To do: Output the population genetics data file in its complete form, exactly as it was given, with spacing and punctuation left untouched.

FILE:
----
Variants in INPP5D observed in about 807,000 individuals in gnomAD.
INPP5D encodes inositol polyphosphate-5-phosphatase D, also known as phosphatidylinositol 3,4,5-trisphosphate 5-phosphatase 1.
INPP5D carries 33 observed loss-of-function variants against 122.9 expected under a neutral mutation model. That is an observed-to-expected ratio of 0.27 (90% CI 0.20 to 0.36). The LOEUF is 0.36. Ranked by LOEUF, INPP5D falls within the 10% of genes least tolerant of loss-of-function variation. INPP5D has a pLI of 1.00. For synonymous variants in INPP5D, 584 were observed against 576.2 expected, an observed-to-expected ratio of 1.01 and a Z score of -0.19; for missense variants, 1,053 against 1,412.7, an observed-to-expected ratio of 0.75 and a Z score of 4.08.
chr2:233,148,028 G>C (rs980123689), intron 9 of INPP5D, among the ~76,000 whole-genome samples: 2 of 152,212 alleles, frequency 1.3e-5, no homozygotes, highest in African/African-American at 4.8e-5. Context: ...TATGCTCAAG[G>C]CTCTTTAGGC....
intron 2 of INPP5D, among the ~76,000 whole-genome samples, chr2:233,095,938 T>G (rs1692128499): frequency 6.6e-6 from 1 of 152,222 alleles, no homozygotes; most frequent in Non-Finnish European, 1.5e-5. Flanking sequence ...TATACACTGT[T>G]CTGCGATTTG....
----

Variants in INPP5D observed in about 807,000 individuals in gnomAD.
INPP5D encodes inositol polyphosphate-5-phosphatase D, also known as phosphatidylinositol 3,4,5-trisphosphate 5-phosphatase 1.
INPP5D carries 33 observed loss-of-function variants against 122.9 expected under a neutral mutation model. That is an observed-to-expected ratio of 0.27 (90% CI 0.20 to 0.36). The LOEUF is 0.36. Ranked by LOEUF, INPP5D falls within the 10% of genes least tolerant of loss-of-function variation. INPP5D has a pLI of 1.00. For synonymous variants in INPP5D, 584 were observed against 576.2 expected, an observed-to-expected ratio of 1.01 and a Z score of -0.19; for missense variants, 1,053 against 1,412.7, an observed-to-expected ratio of 0.75 and a Z score of 4.08.
chr2:233,148,028 G>C (rs980123689), intron 9 of INPP5D, among the ~76,000 whole-genome samples: 2 of 152,212 alleles, frequency 1.3e-5, no homozygotes, highest in African/African-American at 4.8e-5. Context: ...TATGCTCAAG[G>C]CTCTTTAGGC....
intron 2 of INPP5D, among the ~76,000 whole-genome samples, chr2:233,095,938 T>G (rs1692128499): frequency 6.6e-6 from 1 of 152,222 alleles, no homozygotes; most frequent in Non-Finnish European, 1.5e-5. Flanking sequence ...TATACACTGT[T>G]CTGCGATTTG....